I dog sledded and I was PETRIFIED. Trees were hitting my face as I zoomed along a curvy path; I was yelling “whoa!” and no dogs were stopping. My heart was beating hard and I was scared out of my wits.

    For the life of me, I could not bring myself to write the article from a scared girl point of view.

    Reading your blog, I realize that the scared girl point of view actually kind of rocks.

  • Mary Pat Says:

    It is so refreshing to know that being the girl who says no (and means NO) in an instance like this, doesn’t actually make you a wuss. It just means you know what you want out of life.
    Which in this case, is to um…live. And not die.

    In other news: I bought a house today. woot.

  • Natalie Says:

    Uhm. No, just no! I am not jumping from ANYTHING with a large metal fan attached to my back. It looks like a science project gone wrong! Good on you for sticking to your gut feeling, hopefully you will be able to go parasailing soon (which to me is still scary). Try to butter up Intel into flying you down to a Florida beach! Im pretty sure its year round over here. Ive been to the beach in January and watched people out in the surf. That, and its still 90 degrees until December! ha

  • Elise Says:

    Somehow I think you’ll be able to live a full, rewarding life despite (or as a result of maybe?) *not* jumping off of a hill strapped to an exhaust fan.

    Also, not to venture off topic or anything, but uh, HELLO instant girl-crush on Rebecca. :x Whoa.

  • Nancy Says:

    No, no, no, and no would be the only things coming out of my mouth in the same situation. Not for me thanks!

    Parasailing however, is fantastic! I tried it last spring while in the Dominican Republic after thinking it over for a few days. Once up there, I could have stayed for hours. Definitely try it if you get the chance!

  • Heather Says:

    This post cracked me up in an “Ohh-I-totally-know-what-she-means” kind of way. I wholeheartedly support your decision. If you do get to go parasailing in the future though, I highly recommend it. I went for the first time in NC last week and it was breathtaking!

    So happy to hear good friends, good food, and good wine lifted your spirits. Looking forward to your next adventure!

  • GirlsGoneChild Says:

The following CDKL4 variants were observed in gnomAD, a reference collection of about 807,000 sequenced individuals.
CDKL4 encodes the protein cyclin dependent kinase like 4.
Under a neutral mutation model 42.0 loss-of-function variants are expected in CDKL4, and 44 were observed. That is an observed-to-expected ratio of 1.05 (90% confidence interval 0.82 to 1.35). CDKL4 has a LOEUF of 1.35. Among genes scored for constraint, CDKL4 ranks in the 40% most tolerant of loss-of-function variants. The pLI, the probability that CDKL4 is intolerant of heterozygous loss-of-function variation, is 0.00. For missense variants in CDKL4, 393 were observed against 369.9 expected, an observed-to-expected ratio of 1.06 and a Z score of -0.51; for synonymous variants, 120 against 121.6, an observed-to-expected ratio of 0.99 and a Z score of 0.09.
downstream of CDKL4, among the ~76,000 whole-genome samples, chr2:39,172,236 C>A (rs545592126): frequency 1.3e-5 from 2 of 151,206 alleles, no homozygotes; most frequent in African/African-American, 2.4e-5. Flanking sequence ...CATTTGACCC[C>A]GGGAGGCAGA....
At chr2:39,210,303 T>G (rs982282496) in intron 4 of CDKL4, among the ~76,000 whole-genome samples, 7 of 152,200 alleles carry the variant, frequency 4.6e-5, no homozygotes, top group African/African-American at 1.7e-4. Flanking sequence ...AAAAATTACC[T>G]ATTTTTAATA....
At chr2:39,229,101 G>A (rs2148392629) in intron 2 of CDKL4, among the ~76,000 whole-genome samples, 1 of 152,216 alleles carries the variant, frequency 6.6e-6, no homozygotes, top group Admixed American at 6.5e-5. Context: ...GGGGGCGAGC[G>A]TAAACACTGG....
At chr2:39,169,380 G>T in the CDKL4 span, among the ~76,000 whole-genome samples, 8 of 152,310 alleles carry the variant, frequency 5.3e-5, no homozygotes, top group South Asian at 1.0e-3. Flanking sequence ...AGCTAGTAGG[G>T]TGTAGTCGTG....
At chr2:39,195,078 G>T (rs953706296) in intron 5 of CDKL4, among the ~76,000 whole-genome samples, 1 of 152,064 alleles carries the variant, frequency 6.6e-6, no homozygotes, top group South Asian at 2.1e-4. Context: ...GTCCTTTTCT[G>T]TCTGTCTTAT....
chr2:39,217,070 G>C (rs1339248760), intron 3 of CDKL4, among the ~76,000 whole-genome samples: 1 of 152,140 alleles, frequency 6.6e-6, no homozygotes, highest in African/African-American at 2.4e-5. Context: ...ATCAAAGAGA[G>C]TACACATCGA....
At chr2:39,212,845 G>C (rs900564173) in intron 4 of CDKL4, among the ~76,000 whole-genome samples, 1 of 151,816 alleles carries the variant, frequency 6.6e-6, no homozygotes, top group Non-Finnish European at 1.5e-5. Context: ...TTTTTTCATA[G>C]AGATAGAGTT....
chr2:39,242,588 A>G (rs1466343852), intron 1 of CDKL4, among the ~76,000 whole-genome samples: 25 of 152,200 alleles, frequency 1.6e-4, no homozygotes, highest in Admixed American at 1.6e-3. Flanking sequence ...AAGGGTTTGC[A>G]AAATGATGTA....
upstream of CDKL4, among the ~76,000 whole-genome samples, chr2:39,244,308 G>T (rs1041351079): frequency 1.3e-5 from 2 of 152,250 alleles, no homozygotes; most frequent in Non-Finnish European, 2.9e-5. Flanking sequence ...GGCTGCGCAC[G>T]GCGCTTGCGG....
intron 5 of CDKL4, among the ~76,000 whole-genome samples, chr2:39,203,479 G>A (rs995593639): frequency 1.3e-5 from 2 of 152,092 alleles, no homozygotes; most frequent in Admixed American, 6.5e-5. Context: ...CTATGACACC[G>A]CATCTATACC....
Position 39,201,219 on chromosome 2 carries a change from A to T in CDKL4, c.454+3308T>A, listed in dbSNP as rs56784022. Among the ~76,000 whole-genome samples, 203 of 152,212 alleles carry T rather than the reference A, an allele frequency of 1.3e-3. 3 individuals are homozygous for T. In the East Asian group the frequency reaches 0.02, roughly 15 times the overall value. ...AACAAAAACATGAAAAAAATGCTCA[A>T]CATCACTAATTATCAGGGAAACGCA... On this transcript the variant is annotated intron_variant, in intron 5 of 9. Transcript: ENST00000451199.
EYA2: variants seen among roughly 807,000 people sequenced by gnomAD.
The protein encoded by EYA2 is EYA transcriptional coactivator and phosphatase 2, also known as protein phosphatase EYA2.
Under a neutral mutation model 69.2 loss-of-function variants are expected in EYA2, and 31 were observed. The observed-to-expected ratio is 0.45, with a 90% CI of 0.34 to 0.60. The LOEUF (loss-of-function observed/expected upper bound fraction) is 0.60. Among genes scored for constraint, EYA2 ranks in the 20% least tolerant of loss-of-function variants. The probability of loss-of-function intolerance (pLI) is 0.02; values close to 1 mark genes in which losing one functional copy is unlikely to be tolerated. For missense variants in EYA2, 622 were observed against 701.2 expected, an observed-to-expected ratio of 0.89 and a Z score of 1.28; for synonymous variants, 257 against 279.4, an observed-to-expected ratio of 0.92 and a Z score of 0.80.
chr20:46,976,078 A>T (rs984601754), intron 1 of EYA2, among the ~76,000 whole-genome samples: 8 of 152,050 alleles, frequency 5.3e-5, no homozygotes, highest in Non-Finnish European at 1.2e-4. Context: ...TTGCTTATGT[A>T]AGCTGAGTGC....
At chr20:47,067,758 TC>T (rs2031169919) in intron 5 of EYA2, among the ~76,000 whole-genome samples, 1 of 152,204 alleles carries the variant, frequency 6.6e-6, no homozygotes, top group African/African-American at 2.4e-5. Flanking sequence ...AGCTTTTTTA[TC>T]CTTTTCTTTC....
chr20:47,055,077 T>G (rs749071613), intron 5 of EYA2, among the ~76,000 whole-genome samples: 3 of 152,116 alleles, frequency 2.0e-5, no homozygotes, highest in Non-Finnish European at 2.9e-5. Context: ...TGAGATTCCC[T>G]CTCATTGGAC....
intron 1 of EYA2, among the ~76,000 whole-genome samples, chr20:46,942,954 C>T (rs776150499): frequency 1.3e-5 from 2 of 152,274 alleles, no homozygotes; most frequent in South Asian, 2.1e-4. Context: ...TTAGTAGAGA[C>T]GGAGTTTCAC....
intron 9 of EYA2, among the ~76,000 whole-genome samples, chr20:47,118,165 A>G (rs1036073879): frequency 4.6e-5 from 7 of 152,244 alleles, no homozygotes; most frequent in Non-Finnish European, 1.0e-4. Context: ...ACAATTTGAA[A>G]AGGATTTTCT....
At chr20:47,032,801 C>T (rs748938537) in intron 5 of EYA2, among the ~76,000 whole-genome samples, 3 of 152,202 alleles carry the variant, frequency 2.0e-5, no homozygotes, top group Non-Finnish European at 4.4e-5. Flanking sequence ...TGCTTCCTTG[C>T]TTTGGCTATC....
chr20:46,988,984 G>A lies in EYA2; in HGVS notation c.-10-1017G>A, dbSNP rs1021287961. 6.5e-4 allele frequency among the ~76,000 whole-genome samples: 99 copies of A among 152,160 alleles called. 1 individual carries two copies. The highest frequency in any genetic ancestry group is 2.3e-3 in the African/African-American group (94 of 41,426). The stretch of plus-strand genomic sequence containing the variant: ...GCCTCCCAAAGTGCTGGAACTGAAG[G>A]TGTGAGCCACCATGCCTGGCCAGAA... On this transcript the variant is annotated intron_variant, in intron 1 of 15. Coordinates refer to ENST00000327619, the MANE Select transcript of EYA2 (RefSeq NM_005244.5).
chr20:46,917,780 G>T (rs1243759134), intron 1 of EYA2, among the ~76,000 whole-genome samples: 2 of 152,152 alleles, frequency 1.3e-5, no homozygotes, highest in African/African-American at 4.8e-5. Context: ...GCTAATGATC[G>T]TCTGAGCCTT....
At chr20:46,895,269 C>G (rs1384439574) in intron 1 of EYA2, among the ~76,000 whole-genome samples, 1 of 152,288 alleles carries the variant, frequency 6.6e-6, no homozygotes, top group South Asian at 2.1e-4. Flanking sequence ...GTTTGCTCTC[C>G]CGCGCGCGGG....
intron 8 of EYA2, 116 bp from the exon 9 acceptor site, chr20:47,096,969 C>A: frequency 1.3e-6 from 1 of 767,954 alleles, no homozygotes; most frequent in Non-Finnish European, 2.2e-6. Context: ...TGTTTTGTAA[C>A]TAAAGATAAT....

I would like to personally thank Intel for bringing you here and making my weekend awesome (week? month?).

    Congratulations for following your instincts and knowing when to say “NO!” You’re an inspiration for those of us who aren’t so good at that.

    (Ahem.)

    Wish you lived closer. xo

  • Jessica Says:

    I my opinion, jumping from mountains = terrifying. Nice work using the word “no”.

    SO enjoying your journey – can’t wait to see what’s next.

  • cee Says:

    Good for you. Adrenaline junkies drive me crazy. I want to die from old age after a long happy life. Not from jumping off a mountain strapped to a large fan (for example).

    My own life list doesn’t have anything death-defying on it. Living dangerously is not my thing.

  • abbersnail Says:

    You know what? I say bully to you for knowing your boundaries. I believe in feeling the fear and “doing it anyway” to a certain extent, but there’s also something about respecting your own limits.

    I’ll bet those were the most delicious sweet potato fries in the history of mankind.

  • Kelly Says:

    A wise decision, Maggie. Very wise indeed.

  • michelle Says:

    I know that feeling. I tried diving once and no matter how hard I tried I just couldn’t do it. I cried in the ocean as I snorkeled above the rest of the group diving below.

  • Cat Says:

    i’d have totally made the same choice, and i’ve actually done both paragliding and parasailing. (although the parasailing did not involve a large fan; it did, however, involve the jumping off the top of a mountain. i shudder now to think of it, even though it was spectacular at the time, said time being fifteen years and two children ago . . ..) i am totally of the opinion that knowing your boundaries – and learning that there may be new ones of which you’d been previously unaware – is an integral part of one’s life’s learning. well done for adding this to your list!